The manager of the gay-owned Rehoboth Beach Guest House has expressed alarm that a 23-year-old Rehoboth man who was arrested on Feb. 2 on misdemeanor charges and released the same day for allegedly pulling down a Rainbow Pride flag from the guest house porch might return to the popular LGBTQ B&B and commit an act of violence against him or one of his guests.
Tom Kelch, the property manager in charge of the day-to-day operations of the Rehoboth Guest House, told the Washington Blade he sent email messages to the Rehoboth mayor, City Commission members, and the police chief informing them that Jordan Reed, who was arrested for what Kelch calls the “desecration” of his Rainbow flag, appears to be defiantly bragging about what he did in Facebook postings this week.
Among other things, Reed posted on his Facebook page the Rehoboth police mug shot photo of him that was taken at the time of his arrest as his profile photo. A short time later, he posted as his profile photo a screenshot of a local TV news station’s story about his arrest.
Kelch said he was further alarmed when he discovered that Reed’s Facebook page includes photos of a handgun and comments suggesting he will not show up for his required court appearance for the arrest linked to the rainbow flag incident.
“He suggests violence toward our government,” Kelch told the Rehoboth city officials in describing Reed’s Facebook postings. “He proudly shares pictures of his guns, drugs, and cash,” Kelch said.
“He lives locally in West Rehoboth, and he continues to present a danger to us, our business, and our customers,” Kelch said in his message to the officials. “He targeted us for our beliefs listed on our Pride flag.”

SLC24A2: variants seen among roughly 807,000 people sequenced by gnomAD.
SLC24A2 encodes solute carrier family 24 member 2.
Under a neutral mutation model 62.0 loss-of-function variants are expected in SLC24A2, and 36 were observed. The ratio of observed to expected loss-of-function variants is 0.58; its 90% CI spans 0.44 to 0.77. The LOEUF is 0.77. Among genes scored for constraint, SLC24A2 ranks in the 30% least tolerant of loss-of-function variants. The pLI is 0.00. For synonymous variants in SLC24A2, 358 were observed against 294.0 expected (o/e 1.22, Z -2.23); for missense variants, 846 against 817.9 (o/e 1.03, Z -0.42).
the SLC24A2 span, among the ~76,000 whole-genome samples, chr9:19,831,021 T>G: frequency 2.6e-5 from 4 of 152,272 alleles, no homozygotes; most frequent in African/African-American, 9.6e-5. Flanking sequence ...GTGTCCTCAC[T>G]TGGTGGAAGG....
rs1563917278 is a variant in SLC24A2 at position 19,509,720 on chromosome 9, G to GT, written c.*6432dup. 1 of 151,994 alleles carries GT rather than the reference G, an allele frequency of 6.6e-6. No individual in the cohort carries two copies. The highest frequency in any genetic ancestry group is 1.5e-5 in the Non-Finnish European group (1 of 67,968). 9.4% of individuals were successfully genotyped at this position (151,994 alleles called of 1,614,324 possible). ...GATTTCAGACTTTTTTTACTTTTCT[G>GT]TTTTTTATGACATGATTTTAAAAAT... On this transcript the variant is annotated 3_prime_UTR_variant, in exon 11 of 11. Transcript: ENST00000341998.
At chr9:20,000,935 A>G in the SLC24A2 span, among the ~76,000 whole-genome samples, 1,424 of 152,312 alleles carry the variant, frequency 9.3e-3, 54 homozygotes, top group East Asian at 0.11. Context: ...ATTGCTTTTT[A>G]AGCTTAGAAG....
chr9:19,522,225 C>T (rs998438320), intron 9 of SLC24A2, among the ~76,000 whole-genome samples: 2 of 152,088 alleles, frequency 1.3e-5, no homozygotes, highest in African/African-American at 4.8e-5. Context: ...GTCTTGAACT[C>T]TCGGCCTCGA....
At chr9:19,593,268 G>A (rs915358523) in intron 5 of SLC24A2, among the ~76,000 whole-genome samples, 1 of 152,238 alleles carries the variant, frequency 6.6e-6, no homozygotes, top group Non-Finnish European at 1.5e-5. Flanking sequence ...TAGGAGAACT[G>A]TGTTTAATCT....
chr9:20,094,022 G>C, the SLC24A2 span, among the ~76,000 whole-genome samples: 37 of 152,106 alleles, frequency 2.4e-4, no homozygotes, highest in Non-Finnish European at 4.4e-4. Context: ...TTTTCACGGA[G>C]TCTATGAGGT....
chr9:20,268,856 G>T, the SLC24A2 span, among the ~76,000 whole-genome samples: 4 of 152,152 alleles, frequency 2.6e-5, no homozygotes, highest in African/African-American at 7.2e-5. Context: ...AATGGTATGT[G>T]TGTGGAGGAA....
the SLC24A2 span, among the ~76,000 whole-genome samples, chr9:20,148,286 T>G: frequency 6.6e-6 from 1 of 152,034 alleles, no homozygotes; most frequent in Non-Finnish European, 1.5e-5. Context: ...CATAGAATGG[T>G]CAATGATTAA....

The revelations of Reed’s Facebook postings surfaced two days after the Rehoboth Guest House and the LGBTQ group CAMP Rehoboth released a joint statement praising Rehoboth police for making a quick arrest in the flag incident but expressing strong disagreement with the initial decision by police not to classify the incident as a hate crime.
In response to an inquiry from the Blade seeking an explanation for why police chose not to list the incident as a hate crime, Rehoboth police spokesperson Lt. Jaime Riddle sent the Blade a short statement on Wednesday.
“The Rehoboth Police Department is currently working with the Delaware Department of Justice, Division of Civil Rights and Public Trust, to determine if the acts committed by Jordan Reed on February 1st, 2022, meet the criteria of a hate crime based on current Delaware legislation,” the statement says.
In a message sent to Kelch earlier this week, Rehoboth Police Chief Keith Banks said, “At the time of Mr. Reed’s apprehension, we did not feel we had enough probable cause to charge him with the elements contained in a hate crime statute.” Banks added that the police were working with the state Attorney General’s Office “to see if they determine if the case warrants any additional charges being added.”